Sunday, June 27

Getting Better

Instructors Explain Extreme Stopping to Student
Some posts turn out differently than expected. This is one such. I went to Traffic 101 in Dallas today. This makes my third T101. Originally, I intended to discuss how BikeDFW has sharpened their Traffic 101 course, and how I find it interesting that the students are mostly women. Instead, it's about what they don't tell you about Bike Ed, and what it has to offer someone who knows how to handle their bike in traffic, as well as someone that understands how their bike works. The US Military and civilian aerospace both embrace what that is. In short, it's training for the emergency that may never happen. It's why my oldest daughter did her first Autocrosses while she was on her learner's permit, why my middle daughter got taken to a snowy parking lot in Colorado, and why I'm getting a tetanus shot this year (the track requires it).

Traffic 101 is oriented toward an inexperienced rider, but part of it that isn't well publicized are the bike drills. Some of these are the bike equivalent of learning to operate a motor vehicle under extreme conditions; resulting in the student better understanding what their vehicle can do. As in the case of high performance driving of a Jaguar or Alfa Romeo, this should not be done on public roads. Conveniently, bikes are different, and a reasonably sized parking lot suits them much better than Texas Motor Speedway.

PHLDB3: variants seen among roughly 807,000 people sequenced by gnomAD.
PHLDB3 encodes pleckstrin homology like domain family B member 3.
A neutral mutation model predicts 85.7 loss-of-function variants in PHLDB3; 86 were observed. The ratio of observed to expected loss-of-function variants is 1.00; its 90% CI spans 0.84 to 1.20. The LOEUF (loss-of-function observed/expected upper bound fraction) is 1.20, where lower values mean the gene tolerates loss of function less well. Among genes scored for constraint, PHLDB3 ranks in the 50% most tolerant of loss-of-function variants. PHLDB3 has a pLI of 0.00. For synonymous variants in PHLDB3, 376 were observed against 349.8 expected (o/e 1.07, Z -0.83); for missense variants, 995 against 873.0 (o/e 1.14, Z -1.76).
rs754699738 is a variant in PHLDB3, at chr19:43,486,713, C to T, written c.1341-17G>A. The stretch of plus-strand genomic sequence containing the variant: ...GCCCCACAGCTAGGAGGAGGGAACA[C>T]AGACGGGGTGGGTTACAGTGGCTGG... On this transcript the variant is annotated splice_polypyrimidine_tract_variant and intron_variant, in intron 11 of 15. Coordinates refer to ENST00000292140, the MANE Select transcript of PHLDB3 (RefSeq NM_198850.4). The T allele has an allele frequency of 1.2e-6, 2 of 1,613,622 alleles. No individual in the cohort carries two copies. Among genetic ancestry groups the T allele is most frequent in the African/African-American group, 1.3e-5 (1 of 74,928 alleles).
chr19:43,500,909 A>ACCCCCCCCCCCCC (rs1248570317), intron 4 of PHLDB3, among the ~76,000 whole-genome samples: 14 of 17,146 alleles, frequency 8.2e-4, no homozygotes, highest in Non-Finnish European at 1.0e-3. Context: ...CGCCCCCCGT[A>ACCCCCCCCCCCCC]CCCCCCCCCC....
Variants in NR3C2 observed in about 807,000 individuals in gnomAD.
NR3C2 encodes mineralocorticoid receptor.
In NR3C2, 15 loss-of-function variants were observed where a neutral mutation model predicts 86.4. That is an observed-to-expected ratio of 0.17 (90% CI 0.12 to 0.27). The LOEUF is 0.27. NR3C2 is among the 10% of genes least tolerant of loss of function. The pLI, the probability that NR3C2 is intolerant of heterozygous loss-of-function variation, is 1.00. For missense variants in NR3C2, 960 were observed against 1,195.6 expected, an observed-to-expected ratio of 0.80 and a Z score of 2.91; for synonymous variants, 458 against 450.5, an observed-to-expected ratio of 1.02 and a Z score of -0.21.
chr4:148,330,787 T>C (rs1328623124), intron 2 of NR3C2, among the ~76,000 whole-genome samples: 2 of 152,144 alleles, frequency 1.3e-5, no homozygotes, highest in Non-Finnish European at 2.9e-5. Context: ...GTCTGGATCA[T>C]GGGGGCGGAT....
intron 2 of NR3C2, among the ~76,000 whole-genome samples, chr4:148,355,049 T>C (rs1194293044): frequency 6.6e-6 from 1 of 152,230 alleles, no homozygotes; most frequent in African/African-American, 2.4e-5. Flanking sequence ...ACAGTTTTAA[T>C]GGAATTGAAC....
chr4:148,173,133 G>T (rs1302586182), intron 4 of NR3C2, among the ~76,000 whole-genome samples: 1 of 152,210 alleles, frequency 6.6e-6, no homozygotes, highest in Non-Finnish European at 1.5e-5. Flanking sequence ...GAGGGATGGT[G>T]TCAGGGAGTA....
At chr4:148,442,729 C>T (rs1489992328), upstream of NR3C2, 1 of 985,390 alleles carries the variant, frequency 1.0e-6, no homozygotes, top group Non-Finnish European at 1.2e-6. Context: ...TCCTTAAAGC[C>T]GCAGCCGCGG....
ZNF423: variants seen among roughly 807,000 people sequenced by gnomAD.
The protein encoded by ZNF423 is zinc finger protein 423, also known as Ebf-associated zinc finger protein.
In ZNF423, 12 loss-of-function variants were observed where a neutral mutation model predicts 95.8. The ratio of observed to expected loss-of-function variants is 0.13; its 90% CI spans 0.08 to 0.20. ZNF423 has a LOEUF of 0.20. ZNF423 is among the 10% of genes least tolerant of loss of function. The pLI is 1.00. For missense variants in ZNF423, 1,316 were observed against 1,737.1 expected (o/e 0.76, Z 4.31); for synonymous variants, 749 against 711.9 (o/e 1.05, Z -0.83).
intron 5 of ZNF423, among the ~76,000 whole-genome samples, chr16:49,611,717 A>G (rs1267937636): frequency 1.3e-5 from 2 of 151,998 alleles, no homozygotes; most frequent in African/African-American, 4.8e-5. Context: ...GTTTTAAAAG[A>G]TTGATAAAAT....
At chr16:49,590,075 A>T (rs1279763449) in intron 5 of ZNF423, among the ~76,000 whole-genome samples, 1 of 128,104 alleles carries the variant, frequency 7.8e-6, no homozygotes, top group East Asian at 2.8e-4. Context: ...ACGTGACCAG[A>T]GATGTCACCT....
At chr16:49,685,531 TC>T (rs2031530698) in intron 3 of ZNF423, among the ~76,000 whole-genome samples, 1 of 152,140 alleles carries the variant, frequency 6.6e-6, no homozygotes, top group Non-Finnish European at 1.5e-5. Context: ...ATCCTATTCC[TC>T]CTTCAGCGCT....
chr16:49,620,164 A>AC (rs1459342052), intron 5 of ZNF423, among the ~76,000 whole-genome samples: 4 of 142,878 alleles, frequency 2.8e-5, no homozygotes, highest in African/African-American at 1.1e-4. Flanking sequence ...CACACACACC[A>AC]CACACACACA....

If Those Guys Weren't Around, This Student Would be About to Fall Over as His Bike Stops Moving
Pretty much anybody likely to read this blog knows how to stop their bike. BikeEd students, however, learn how to stop their bikes a few feet quicker. If they're smart students, they practice many elements of quickly stopping to help out their muscle memory. It may never matter, but once in a rare while, stopping two feet quicker can be the difference between a close call and serious injury - or worse. The quick stop drill is one that I am unwilling to do on my own. My commute is made with clipless pedals and I find that I will often fall over at the conclusion of a quick stop. If I have to make that kind of stop in the real world, I will gladly accept falling over if it means I avoid a collision. I don't care if you are someone that wants to ride vehicularly in traffic or only on recreational bike paths. Someday you may need to stop a couple of feet quicker. Quick stop can do that and it's a hard thing to learn on your own, no matter how long you've been riding. If you're reading this blog, you're worth saving.

She's Starting to "Get It." With Practice, She'll Be Able to Hit that Inside Marker and Maybe a Bit More
 A second drill that is inadvisable to practice on the street is the instant turn. The instant turn is a maneuver designed to give you an option on how to deal with that Escalade that just made a right turn in front of you besides going underneath it. Again, there's a very good chance it'll never happen, but if it does, someone who performs an instant turn in an emergency might be able to just have a close call. This IS a drill I do on my own, using empty parking lots. If I ever need to do it for real, I do not want to have to THINK about how to deal with the emergency. BikeEd will show the principle, but the student has to make the decision to practice, practice, practice. You don't get that from regular riding. If you're reading this blog, you're worth saving.

One last word on the instant turn. In his book, Effective Cycling, John Forester writes: